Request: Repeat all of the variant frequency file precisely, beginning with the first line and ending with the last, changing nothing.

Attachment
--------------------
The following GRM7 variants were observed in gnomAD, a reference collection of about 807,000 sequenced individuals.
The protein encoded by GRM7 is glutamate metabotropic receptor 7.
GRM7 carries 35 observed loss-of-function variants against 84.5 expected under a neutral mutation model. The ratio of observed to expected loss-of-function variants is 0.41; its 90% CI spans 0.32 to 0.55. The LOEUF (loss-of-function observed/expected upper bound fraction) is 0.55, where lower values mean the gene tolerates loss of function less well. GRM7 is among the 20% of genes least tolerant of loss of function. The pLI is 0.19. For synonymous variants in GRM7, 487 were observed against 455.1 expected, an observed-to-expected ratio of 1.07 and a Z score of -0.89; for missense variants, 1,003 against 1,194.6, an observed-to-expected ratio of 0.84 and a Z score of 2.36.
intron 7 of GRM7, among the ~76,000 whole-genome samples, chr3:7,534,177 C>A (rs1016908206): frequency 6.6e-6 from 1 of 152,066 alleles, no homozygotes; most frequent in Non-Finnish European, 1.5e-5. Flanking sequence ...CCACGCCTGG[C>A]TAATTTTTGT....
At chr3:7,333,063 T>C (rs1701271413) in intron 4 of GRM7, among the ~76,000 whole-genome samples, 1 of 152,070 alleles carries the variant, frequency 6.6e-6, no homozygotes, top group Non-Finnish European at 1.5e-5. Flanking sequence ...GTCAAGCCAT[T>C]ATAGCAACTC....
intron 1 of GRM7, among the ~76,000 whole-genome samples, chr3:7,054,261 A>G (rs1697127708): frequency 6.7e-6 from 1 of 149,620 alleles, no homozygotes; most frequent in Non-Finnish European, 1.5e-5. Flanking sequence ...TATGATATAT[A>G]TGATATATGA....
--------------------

The following GRM7 variants were observed in gnomAD, a reference collection of about 807,000 sequenced individuals.
The protein encoded by GRM7 is glutamate metabotropic receptor 7.
GRM7 carries 35 observed loss-of-function variants against 84.5 expected under a neutral mutation model. The ratio of observed to expected loss-of-function variants is 0.41; its 90% CI spans 0.32 to 0.55. The LOEUF (loss-of-function observed/expected upper bound fraction) is 0.55, where lower values mean the gene tolerates loss of function less well. GRM7 is among the 20% of genes least tolerant of loss of function. The pLI is 0.19. For synonymous variants in GRM7, 487 were observed against 455.1 expected, an observed-to-expected ratio of 1.07 and a Z score of -0.89; for missense variants, 1,003 against 1,194.6, an observed-to-expected ratio of 0.84 and a Z score of 2.36.
intron 7 of GRM7, among the ~76,000 whole-genome samples, chr3:7,534,177 C>A (rs1016908206): frequency 6.6e-6 from 1 of 152,066 alleles, no homozygotes; most frequent in Non-Finnish European, 1.5e-5. Flanking sequence ...CCACGCCTGG[C>A]TAATTTTTGT....
At chr3:7,333,063 T>C (rs1701271413) in intron 4 of GRM7, among the ~76,000 whole-genome samples, 1 of 152,070 alleles carries the variant, frequency 6.6e-6, no homozygotes, top group Non-Finnish European at 1.5e-5. Flanking sequence ...GTCAAGCCAT[T>C]ATAGCAACTC....
intron 1 of GRM7, among the ~76,000 whole-genome samples, chr3:7,054,261 A>G (rs1697127708): frequency 6.7e-6 from 1 of 149,620 alleles, no homozygotes; most frequent in Non-Finnish European, 1.5e-5. Flanking sequence ...TATGATATAT[A>G]TGATATATGA....